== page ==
Don't get me wrong, not all is grand it our patchwork family. We all have our own strength and weaknesses, a sum of our individual and collective history. My two youngsters are sweet, loving and well adjusted. They also have tantrums and are sometimes not very nice at all. It would be easy to claim all the good bits and blame the 'bad' on the the neglect they suffered as infants but of course it is much more complicated than that.

I'll maybe talk about this another time, if you like. I would be very interested in your views on how to talk about adoption with your child. Please do share if you like. Maybe you are an adopter? Maybe you were adopted? 

Anyway, better stop procrastinating and get on with my job. Have a lovely week. xx

26 comments:

  1. A fascinating post Christina. I think you have a very healthy attitude to family and how wonderful James and Alistair are part of your open and loving family group. I have a friend who was adopted, admittedly many years ago, and she never told her own children until they were in their late teens which I always felt was such a mistake. It shouldn't be something to be ashamed about.

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  2. An interesting post. I've often wondered as I read your blog what your 2 older children felt about adoption, were they involved in the decision to adopt?
    Not just idle curiosity. Many years ago my Mother-in-law, who was the mother of 4 boys, wanted to adopt a girl and had started the process when her oldest son, who was about 15. pitched a fit and told her he would hate it. So she stopped the process, but I think she always regretted it. I wondered if there hadn't been some way to make her son understand.

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    1. My two older ones were involved from the beginning, in fact even before we found our agency we talked about adopting. They had many chats with our social worker, sometimes on their own, in case they didn't want to share with us and sometimes we had family chats. Still, they were as anxious as we were and we made a great effort to make time for them, individually and together, so they would not feel left out, particularly during the first few months. They were quite a bit younger than your friends son, who at 15 maybe struggled with the transition from child to young man.

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  3. An interesting post Christina & how wonderful it has all worked out for you all. I admire your honesty with all of your children. xx

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  4. Before I suddenly got the maternal urge at the age of 30 to actually bear a child (and we had our daughter), I was always interested in adoption. However, I was always curious about the talking about it part (with the child), especially if the birth parents are still sort of in the picture. Now that I have my own child, I am curious about the interactions and feelings between the birth child and the adopted child. Perhaps adults think about things (and worry) more than kids do? I think your open approach to it is very sensible and practical and your quilt metaphor is lovely.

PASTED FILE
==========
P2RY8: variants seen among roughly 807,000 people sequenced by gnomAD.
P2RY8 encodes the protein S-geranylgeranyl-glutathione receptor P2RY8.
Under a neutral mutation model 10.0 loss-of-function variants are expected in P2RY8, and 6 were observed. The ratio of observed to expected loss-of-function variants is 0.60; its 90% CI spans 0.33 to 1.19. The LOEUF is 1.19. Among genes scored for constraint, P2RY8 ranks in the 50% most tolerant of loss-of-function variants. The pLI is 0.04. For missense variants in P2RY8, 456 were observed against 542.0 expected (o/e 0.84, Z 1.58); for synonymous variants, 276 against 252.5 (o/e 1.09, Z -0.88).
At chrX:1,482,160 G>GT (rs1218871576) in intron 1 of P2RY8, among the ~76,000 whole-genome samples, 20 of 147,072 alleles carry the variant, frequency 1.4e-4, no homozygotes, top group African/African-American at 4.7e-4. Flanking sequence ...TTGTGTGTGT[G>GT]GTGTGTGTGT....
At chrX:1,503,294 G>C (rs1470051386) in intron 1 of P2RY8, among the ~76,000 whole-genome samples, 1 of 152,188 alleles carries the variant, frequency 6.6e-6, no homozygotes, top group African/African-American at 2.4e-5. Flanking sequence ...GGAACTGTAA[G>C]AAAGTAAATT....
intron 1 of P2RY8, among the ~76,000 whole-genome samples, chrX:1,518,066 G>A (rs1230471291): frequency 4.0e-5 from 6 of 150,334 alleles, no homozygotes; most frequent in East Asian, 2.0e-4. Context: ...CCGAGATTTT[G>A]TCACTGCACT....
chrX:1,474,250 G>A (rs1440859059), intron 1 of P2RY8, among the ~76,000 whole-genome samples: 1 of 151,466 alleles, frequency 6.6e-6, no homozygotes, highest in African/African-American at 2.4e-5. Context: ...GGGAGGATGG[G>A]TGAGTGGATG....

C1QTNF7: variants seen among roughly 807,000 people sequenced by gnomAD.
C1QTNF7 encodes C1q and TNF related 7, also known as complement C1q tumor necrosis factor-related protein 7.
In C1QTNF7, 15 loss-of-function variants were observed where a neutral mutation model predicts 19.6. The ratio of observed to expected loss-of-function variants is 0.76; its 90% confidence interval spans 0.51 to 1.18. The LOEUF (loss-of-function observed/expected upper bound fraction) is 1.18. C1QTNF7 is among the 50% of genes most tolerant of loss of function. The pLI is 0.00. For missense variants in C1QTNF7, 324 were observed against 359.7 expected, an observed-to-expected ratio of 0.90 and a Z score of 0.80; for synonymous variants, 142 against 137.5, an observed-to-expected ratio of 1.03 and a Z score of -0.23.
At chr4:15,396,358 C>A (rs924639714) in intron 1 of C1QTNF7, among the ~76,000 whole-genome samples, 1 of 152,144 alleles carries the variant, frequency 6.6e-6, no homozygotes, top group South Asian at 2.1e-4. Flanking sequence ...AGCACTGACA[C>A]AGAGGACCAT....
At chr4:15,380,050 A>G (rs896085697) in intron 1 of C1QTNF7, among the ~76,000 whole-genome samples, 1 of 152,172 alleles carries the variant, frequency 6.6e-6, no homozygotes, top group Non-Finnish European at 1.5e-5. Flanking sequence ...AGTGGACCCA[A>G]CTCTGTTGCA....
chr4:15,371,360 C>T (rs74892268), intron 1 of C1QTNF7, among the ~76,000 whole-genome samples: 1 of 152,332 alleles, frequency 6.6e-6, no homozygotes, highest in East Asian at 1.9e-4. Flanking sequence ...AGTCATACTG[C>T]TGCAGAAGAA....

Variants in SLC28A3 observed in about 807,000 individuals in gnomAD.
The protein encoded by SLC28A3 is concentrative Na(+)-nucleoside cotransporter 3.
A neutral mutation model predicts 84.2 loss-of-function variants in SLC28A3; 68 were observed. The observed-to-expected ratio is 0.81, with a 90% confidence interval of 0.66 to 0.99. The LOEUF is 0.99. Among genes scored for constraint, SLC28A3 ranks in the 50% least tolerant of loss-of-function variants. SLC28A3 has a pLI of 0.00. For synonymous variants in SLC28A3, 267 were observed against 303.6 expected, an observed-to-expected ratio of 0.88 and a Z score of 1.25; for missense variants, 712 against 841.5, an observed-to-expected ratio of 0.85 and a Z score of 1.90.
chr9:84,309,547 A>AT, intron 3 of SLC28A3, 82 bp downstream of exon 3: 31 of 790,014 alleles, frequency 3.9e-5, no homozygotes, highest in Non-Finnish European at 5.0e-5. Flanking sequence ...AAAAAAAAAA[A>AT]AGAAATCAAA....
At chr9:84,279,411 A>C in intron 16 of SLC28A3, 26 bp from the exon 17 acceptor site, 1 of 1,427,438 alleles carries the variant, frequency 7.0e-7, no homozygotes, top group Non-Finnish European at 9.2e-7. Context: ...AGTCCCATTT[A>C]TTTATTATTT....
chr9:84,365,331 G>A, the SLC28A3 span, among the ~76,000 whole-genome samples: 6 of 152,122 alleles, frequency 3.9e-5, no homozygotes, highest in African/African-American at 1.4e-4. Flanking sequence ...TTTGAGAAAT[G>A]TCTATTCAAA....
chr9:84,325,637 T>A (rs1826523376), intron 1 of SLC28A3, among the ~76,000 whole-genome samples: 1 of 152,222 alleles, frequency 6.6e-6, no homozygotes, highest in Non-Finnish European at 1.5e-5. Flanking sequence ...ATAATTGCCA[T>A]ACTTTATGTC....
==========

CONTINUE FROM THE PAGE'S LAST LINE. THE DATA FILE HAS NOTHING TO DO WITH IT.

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    1. I do sometimes wonder if I was overthinking everything a little. I still do. We worried initially that our birth children would fee left out in the early stages of placement because like a new baby, a new child (or two!) is hard work and it is emotionally difficult to share all those feelings and worries, and have enough emotional energy left for everybody. I think my older children's biggest worry was that they might not like their new little brothers, or vice versa. Very quickly a normal sibling routine (as between Sam and Annie) developed. Well, as far as I can tell. Now, there is always an argument or two going in my house, between one or the other child but there is also plenty of affection and love.

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  5. My only experience of adopted children was when I was at school there were three adopted children in my class and it was all talked about quite openly by everyone in the school. This was in the 70s when there was a real stigma about being adopted, I am quite sure that my school was determined to ensure that we all viewed it as postive for the children and that they had a family and were no different to anyone else.